For now, one of the biggest wildcards remains just how far tech heavies are willing to go in their battle with the telecom giants. As far Beltway influence goes, Google
, for example, was a virtual nonentity back in 2006. It spent less on lobbying that year than Boston University. Its fledgling political action committee doled out a measly $37,000. AT&T
, by comparison, spent six times as much supporting its K Street army and showered lawmakers with $2.7 million in campaign contributions. No wonder the House vote was so lopsided.
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Two major developments since then have shifted the balance of power: a massive buildup of lobbying strength by tech industry leaders, and an explosion in the size (and political sophistication) of the netroots activist corps. The strength of that one-two punch sent policymakers reeling two years ago during the debate over a pair of anti-piracy bills known as SOPA and PIPA. Widespread, bipartisan support for the measures collapsed entirely in the face of a tsunami of opposition from what seemed like everyone with an Internet connection, conscripted into the fight by industry leaders.
But to paraphrase another sort of web master: With great power comes great perplexity. Google is, by any measure, a behemoth in Washington these days. Its PAC doled out more than $1 million during the 2012 election year (less than half of what AT&T gave, but still) — and actually narrowly edged the phone giant in lobbying expenses in 2013. That growth has tracked with Google’s rise globally as a corporate colossus, with all the attendant complications. In the summer of 2010, word leaked that the company was in talks with Verizon
— an erstwhile net neutrality foe, though many of its phones are powered by Google software — to allow providers to charge content creators for faster delivery. Consumer advocates fumed that the deal represented an about-face and that the company had sold out on its commitment to the open Internet. The joint proposal, a “suggested legislative framework” for tackling the issue, was overtaken by events. But it demonstrated that the clear lines once dividing industry players no longer applied.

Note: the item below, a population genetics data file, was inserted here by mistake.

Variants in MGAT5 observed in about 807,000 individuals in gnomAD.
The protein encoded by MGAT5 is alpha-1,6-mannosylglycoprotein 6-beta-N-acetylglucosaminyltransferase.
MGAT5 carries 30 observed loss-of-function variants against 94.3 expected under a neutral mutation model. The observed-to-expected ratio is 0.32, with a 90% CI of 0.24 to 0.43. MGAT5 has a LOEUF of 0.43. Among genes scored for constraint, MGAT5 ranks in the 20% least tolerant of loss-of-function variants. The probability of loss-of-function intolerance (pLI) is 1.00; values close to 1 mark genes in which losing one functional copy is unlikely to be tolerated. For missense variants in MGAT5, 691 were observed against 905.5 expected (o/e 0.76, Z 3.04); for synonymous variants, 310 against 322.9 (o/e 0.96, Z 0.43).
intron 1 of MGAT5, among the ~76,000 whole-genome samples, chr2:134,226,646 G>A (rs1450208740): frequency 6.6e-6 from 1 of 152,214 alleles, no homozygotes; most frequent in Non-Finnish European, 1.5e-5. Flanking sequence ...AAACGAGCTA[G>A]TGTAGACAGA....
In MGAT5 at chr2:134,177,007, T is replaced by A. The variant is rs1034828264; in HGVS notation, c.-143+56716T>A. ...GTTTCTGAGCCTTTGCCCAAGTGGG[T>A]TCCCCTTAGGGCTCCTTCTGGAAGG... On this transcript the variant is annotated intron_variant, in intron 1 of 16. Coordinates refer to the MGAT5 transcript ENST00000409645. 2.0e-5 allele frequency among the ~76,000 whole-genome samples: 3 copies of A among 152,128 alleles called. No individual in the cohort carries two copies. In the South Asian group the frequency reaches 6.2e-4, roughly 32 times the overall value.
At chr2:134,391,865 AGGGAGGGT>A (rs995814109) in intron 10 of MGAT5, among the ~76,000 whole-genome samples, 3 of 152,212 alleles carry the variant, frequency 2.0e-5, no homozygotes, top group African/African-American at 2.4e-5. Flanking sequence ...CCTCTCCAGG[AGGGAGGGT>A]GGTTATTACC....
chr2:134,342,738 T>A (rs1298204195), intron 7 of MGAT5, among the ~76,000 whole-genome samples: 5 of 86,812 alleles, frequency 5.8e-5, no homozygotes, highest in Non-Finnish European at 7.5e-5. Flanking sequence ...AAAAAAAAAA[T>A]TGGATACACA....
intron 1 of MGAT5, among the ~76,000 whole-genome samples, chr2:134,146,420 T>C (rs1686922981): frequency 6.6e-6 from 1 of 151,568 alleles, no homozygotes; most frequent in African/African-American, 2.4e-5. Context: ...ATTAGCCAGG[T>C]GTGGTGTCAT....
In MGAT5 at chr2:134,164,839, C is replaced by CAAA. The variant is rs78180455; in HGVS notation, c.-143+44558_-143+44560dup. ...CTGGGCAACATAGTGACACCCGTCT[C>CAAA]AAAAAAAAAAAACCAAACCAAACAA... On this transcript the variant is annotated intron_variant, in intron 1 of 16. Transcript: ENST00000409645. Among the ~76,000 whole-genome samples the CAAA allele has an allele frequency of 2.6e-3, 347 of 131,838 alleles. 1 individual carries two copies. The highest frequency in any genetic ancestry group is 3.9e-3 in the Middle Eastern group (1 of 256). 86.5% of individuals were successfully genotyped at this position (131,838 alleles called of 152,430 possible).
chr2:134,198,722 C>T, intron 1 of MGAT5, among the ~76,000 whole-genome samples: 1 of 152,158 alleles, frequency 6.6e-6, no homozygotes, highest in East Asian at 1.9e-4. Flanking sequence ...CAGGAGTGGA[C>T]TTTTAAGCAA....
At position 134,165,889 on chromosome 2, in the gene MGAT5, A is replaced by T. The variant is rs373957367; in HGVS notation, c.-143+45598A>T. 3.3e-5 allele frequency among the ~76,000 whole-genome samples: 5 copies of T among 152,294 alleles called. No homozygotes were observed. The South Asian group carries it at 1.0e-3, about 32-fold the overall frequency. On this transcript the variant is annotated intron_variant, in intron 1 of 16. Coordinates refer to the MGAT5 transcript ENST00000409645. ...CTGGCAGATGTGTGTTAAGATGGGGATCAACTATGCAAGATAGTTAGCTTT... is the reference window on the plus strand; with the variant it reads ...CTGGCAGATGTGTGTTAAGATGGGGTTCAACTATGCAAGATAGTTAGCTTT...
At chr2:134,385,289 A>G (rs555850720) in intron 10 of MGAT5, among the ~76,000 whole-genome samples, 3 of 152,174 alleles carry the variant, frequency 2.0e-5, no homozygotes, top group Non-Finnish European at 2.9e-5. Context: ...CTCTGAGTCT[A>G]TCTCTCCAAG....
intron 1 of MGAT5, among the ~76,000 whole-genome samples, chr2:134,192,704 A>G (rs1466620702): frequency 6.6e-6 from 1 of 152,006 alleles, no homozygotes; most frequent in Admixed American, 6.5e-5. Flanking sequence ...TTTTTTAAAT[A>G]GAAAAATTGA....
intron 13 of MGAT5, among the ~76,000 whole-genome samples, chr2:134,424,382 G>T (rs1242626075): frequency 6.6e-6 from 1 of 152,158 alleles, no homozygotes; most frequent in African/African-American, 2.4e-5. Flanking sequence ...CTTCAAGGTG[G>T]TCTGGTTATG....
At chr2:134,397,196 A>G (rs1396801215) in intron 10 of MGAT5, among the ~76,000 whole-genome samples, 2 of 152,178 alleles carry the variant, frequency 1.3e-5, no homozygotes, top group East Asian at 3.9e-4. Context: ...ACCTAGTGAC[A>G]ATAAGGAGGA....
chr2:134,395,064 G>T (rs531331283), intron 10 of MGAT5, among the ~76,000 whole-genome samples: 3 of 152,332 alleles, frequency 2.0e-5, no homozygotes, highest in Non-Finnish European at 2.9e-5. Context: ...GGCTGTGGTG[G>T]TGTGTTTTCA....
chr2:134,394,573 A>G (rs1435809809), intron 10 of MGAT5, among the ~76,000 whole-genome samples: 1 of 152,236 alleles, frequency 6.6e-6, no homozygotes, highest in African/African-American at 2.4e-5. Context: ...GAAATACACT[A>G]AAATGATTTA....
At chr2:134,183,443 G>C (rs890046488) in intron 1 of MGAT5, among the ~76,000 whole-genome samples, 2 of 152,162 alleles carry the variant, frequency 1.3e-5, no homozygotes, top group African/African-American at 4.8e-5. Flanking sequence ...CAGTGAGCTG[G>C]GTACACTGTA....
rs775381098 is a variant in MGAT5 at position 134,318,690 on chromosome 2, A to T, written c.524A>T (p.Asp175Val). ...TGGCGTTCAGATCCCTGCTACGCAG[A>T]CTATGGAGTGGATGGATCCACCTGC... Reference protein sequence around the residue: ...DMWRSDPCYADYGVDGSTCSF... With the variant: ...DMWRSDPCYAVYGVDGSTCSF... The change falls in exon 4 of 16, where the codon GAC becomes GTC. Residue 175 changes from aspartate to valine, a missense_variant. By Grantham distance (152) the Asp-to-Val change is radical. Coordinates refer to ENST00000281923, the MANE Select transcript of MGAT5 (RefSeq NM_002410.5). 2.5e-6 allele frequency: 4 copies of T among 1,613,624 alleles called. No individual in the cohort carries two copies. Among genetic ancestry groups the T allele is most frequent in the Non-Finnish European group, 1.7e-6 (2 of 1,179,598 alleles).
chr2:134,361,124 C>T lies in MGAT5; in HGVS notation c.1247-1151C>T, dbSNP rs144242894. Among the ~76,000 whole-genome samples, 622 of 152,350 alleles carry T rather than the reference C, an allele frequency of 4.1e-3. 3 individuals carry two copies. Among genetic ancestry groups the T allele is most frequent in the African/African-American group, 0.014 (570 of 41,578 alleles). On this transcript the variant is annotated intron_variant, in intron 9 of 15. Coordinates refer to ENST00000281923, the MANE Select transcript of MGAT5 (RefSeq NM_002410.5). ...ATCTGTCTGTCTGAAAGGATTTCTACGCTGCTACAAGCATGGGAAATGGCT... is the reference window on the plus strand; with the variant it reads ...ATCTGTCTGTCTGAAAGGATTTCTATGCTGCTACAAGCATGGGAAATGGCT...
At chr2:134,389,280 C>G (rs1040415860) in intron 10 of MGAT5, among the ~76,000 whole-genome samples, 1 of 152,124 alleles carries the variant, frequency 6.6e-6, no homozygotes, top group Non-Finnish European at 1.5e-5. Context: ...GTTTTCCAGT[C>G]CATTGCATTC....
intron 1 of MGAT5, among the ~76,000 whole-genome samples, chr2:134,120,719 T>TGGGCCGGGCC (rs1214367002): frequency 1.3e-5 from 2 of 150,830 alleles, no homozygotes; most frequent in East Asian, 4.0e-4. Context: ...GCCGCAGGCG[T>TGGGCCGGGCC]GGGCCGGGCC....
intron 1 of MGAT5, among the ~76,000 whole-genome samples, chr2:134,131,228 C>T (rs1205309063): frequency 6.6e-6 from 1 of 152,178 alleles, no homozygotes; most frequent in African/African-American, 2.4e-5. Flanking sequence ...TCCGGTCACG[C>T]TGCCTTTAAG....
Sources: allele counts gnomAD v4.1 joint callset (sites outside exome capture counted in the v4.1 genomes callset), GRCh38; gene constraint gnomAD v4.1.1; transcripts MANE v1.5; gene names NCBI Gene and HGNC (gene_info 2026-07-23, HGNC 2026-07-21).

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“The last thing you want to do is get cross with the providers when you’re sitting at the table negotiating the deal for your handset that’s going to come out on their network,” one industry lobbyist says. “These companies are more sophisticated. And in a way, having a bigger presence in Washington can negate your ability to dive in on an issue and ruffle the feathers up on Capitol Hill.”
and 100 other Internet companies last week sent FCC commissioners a letter warning that allowing providers to impose new tolls for transmission “represents a grave threat to the Internet.”
Still, while Engine Advocacy, the trade group for smaller Internet companies, is on record calling for the FCC to pull out the big guns and reclassify Internet services under Title II, the Internet Association — representing name-brand Internet companies — as of press time hadn’t yet followed suit. Says Engine Advocacy executive director Julie Samuels, “I think some the big companies won’t be leaders on this. They’re a little bit conflicted for practical reasons, and a lot of them feel burned from the last couple of net neutrality battles. It’s really hard fighting the cable companies. They have incredible—and frankly, frightening—amounts of resources.”